Are you a ‘good’ or a ‘bad’ kind of perfectionist? Find out right here

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Amy Lewis

Though often bandied around the office as a formidable yet compulsive trait, science now says that being a perfectionist might actually be a good thing.

But, warn researchers behind the new study, it all depends on what kind of perfectionism you practice.

The unhealthy type can lead to burn out at work, increased levels of stress and general unhappiness. No surprises there.

The other kind however, which the team of British psychologists are calling ‘healthy perfectionism’, has actually been found to prevent all of the above.

Published in the Personality and Social Psychology Review, the meta-analysis (a study of studies) looked at 43 pieces of research on the subject of perfectionism, with a combined total of almost 10,000 participants.

Unhealthy perfectionists were characterised as those who set very high goals for themselves, are rigid and inflexible about the standard of those goals, and are unwilling to adapt to changed circumstances.

Organised desk - postit notes - OCD

They are also more likely to measure their own success by comparing themselves to people around them, and feel anxious or uncertain about their own skills and capabilities.

By analysing the findings of the 43 studies, the researchers found these behaviours to be a straight route to burn out and mental exhaustion. The healthy perfectionists however, didn’t display the same relationship with burn out. In most cases, the researchers found that the exact opposite was true.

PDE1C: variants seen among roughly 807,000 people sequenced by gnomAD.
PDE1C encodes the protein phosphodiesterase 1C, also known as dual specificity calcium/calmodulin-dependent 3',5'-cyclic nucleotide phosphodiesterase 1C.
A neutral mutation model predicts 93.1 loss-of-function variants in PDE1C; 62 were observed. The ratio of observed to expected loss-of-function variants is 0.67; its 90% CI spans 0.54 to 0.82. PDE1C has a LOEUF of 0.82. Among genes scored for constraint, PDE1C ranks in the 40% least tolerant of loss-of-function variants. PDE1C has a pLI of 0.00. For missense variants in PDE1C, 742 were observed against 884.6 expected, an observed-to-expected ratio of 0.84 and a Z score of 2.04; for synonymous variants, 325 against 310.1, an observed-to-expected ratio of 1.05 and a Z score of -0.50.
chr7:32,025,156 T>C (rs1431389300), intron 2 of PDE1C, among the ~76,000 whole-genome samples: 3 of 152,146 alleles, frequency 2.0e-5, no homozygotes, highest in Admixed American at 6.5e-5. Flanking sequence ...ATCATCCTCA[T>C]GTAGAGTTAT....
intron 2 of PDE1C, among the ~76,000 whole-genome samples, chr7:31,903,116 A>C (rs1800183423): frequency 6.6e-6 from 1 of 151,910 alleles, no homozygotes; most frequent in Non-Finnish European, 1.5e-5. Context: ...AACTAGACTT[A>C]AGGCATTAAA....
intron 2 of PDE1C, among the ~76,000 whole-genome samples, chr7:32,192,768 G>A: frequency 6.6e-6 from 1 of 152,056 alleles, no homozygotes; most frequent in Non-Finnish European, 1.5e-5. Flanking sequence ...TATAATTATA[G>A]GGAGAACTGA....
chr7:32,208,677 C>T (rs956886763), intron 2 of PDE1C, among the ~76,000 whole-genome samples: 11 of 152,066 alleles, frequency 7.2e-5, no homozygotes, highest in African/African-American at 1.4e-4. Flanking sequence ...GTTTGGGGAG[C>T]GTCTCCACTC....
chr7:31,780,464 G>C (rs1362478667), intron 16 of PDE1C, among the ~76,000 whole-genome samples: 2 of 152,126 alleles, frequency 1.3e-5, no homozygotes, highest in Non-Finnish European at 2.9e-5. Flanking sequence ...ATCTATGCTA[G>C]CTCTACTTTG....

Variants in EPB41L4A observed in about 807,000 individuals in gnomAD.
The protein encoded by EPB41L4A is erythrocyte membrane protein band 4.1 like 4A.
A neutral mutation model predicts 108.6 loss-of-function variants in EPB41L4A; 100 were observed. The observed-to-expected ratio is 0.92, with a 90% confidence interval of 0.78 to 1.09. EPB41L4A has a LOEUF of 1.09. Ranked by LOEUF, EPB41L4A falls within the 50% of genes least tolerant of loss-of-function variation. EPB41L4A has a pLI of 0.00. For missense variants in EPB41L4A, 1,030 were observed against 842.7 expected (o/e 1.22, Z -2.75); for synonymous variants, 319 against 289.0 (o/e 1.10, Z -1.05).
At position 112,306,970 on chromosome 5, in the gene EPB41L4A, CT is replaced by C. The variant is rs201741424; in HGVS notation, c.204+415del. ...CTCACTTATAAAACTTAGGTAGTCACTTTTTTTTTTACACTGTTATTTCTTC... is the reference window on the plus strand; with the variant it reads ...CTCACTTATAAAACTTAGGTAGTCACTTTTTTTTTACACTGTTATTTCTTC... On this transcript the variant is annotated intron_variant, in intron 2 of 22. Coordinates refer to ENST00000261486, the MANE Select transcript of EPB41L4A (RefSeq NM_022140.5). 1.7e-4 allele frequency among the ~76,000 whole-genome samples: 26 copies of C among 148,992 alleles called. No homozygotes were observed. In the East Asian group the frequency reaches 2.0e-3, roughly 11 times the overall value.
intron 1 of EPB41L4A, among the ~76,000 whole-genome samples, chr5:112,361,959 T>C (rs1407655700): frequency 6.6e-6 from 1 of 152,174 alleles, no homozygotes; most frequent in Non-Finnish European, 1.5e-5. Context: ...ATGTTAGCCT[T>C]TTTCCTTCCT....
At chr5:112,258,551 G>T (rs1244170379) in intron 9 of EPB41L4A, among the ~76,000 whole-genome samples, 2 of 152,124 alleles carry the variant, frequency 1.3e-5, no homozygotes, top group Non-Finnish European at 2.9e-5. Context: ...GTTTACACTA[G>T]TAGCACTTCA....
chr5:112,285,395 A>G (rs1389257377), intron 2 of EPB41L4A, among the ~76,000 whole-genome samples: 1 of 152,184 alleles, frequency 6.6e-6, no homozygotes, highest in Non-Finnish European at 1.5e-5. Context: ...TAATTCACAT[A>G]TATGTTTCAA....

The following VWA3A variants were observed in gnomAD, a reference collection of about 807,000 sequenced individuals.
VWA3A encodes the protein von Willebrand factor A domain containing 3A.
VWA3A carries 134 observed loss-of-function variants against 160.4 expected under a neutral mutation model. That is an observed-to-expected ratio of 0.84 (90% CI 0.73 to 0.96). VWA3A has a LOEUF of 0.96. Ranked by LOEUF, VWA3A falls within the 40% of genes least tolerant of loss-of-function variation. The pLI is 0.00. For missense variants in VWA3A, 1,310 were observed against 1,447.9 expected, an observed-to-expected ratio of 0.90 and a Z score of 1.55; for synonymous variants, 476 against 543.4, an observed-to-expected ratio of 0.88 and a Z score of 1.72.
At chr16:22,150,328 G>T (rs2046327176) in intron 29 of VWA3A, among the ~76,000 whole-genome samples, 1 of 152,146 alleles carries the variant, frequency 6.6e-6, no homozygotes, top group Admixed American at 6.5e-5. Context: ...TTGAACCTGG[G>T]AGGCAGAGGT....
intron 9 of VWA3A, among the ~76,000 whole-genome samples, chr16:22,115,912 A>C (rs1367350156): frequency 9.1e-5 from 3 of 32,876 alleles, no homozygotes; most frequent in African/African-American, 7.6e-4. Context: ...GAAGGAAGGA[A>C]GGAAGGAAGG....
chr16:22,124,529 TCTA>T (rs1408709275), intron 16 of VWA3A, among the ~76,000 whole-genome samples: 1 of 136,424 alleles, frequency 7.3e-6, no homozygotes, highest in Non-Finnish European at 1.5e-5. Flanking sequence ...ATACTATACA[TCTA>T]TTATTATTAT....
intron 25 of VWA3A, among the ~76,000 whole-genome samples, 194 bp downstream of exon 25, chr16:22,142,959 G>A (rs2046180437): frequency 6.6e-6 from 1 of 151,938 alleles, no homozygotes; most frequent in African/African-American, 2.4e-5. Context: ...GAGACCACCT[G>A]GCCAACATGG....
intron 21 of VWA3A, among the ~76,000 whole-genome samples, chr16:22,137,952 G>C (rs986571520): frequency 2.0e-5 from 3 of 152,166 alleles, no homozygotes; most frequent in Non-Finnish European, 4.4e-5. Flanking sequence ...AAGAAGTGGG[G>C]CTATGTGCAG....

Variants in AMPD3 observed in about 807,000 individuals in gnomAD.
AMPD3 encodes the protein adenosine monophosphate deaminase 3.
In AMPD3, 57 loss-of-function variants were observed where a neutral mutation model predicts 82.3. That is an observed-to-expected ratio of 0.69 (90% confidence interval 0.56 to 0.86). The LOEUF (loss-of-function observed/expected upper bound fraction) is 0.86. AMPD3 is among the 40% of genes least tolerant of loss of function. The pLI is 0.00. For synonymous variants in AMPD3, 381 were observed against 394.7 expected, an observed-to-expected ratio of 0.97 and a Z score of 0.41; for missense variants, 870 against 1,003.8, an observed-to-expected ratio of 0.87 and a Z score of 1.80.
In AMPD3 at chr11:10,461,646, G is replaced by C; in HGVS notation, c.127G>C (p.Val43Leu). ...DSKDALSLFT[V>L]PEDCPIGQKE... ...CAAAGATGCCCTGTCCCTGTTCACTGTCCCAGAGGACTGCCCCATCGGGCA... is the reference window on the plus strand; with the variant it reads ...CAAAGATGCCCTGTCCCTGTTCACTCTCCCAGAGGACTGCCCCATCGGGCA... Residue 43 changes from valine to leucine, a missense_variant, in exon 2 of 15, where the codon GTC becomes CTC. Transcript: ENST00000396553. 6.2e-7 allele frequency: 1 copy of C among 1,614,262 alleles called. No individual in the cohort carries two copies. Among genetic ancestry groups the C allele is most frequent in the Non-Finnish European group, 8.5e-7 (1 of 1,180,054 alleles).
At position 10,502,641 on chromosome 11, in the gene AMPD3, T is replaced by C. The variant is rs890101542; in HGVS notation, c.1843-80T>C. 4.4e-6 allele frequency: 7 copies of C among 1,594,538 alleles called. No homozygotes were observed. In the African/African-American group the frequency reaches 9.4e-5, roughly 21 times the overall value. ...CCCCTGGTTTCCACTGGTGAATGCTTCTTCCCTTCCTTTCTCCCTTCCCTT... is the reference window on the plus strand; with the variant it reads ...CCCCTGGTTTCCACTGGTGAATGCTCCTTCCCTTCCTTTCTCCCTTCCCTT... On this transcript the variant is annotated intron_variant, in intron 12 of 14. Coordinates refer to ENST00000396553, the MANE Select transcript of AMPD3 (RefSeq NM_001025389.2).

“Our findings suggest that one element of perfectionism, the tendency to set exceedingly high goals and strive for them, is not in isolation a problem,” says co-author of the study Andrew P. Hill. “In fact, if you set high goals and achieve them, you will feel motivated and good about yourself.”

Though more research needs to be done to determine the exact reasons as to why healthy perfectionism is such a protective trait, the researchers believe that it’s likely down to the positivity which comes from achieving realistic goals, and the nous to not punish yourself harshly when the goal posts move.

Use the check list below to identify which kind of perfectionist you might be...

Healthy perfectionists…

  • Set high but realistic goals for themselves
  • Can be flexible about these goals
  • Are internally motivated
  • Enjoy the thrill of accomplishment
  • Can use reason when their goals aren’t met
  • Understand that their high standards aren’t appropriate in all situations
  • Have a good measure of their own capabilities

Unhealthy perfectionists…

  • Set consistently ambitious goals for themselves
  • Have a rigid and inflexible approach to these goals
  • Are externally motivated
  • Have a fear of failing
  • Experience stress when their high standards can’t be met
  • Are often anxious or uncertain about their own capabilities

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Amy Lewis

Amy Lewis is a freelance writer and editor, a lover of strong tea, equally strong eyebrows, a collector of facial oils and a cat meme enthusiast. She covers everything from beauty and fashion to feminism and travel.

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